Shrimp and Avocado with Green Sauce

Shrimp and Avocado with Green Sauce
Copyright 2008 Lynne Rossetto Kasper

4 to 6 servings


1 head romaine, bruised leaves discarded
2 large ripe avocados, peeled and cut into thin strips
1 1/2 pounds cooked, shelled and deveined medium shrimp (could be purchased at the take-out counter)

Green Sauce
1/2 cup tightly packed parsley leaves
1/2 cup tightly packed coriander leaves
1/4 cup olive oil
4 anchovy fillets, rinsed and drained
1 sweet red pepper, roasted and cut into chunks
2 green onions, chopped
2 tablespoons dried basil
1 tablespoon capers, rinsed and drained
1 teaspoon minced garlic
Cider or palm vinegar to taste
Salt and freshly ground black pepper

1. Arrange romaine on large platter. Top with avocado and mound with shrimp.

2. Combine all ingredients for sauce in processor or blender and puree. Drizzle over salad and serve immediately. (Sauce can be made several hours ahead and held at room temperature.)


This salad is all about the highly flavored sauce. The anchovies add great depth of flavor but you could cut back or eliminate them if you're not a fan. Buy salt-packed ones if you can find them. Rinse off the salt, soak 10 minutes in cold water and pat dry. To bone, open them like a book and lift out the center back bone with the tip of a small paring knife. It's like pulling on a zipper; usually the entire bone structure comes off at once.

Use fresh basil if you have some on hand.

For the roasted pepper, you could use jarred ones. Or roast a batch when it's cool and keep them in the refrigerator, sprinkled with a little vinegar.

Roast sweet red bell peppers by placing them on a baking sheet under the oven broiler, or over a wood charcoal fire without the baking sheet. Watch closely and turn frequently with tongs until the entire surface is blistered or charred. Use the tongs to stuff them into a paper bag, seal and let stand 20 minutes. Once cool, slip the skins off the peppers. If you have a gas stove, use long tongs to hold the pepper over a high flame until blistered or charred; then cool and peel.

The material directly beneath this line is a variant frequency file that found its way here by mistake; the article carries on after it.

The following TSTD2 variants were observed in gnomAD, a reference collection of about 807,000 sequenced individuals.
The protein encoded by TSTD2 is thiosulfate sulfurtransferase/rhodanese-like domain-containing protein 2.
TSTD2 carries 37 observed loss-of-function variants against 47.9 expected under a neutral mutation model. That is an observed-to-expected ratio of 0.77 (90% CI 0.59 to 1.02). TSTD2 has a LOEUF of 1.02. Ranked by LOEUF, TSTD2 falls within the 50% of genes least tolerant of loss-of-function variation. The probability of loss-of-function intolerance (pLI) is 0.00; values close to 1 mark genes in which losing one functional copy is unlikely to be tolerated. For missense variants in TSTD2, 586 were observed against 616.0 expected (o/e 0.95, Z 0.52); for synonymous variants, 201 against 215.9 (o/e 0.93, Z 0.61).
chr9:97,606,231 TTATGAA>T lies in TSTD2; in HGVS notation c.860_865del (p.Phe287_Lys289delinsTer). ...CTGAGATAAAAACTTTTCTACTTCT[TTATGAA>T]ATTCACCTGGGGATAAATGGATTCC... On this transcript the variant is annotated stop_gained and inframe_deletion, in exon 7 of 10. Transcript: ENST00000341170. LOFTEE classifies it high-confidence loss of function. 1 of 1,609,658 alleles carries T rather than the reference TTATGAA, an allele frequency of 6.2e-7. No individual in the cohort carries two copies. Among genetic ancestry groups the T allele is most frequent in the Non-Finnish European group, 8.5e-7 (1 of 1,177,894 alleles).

You could substitute other greens but make them sturdier ones. Delicately flavored baby greens could be overwhelmed by the sauce.

Leftover cooked chicken, cook tempeh, or grilled vegetables could stand in for the shrimp.

Avocados are available all year in most markets. The two varieties commonly seen are the Hass, with its dark pebbly skin, that's grown from April to October, and the bright green, smooth-skinned Fuerte available from October to April.

Their rich, buttery taste makes them a perfect stand-in for mayonnaise, or puree with vanilla ice cream, some fresh lime juice, a few drops of almond extract and a minced jalapeno chile for a very different dessert.

When their flavor is fine, serve them with as little fussiness as possible, that is moistened with fresh lime juice and sprinkled with coarse salt.

Select avocados that are unblemished, heavy for their size and yield slightly when gently pressed with your finger. When only rock-hard ones are available, hasten ripening by placing several avocados in a paper bag, close the bag and set aside at room temperature for several days.

Sprinkle the cut surfaces of avocados with lemon or lime juice to retard darkening. For best flavor, don't refrigerate ripe avocados for more than a day.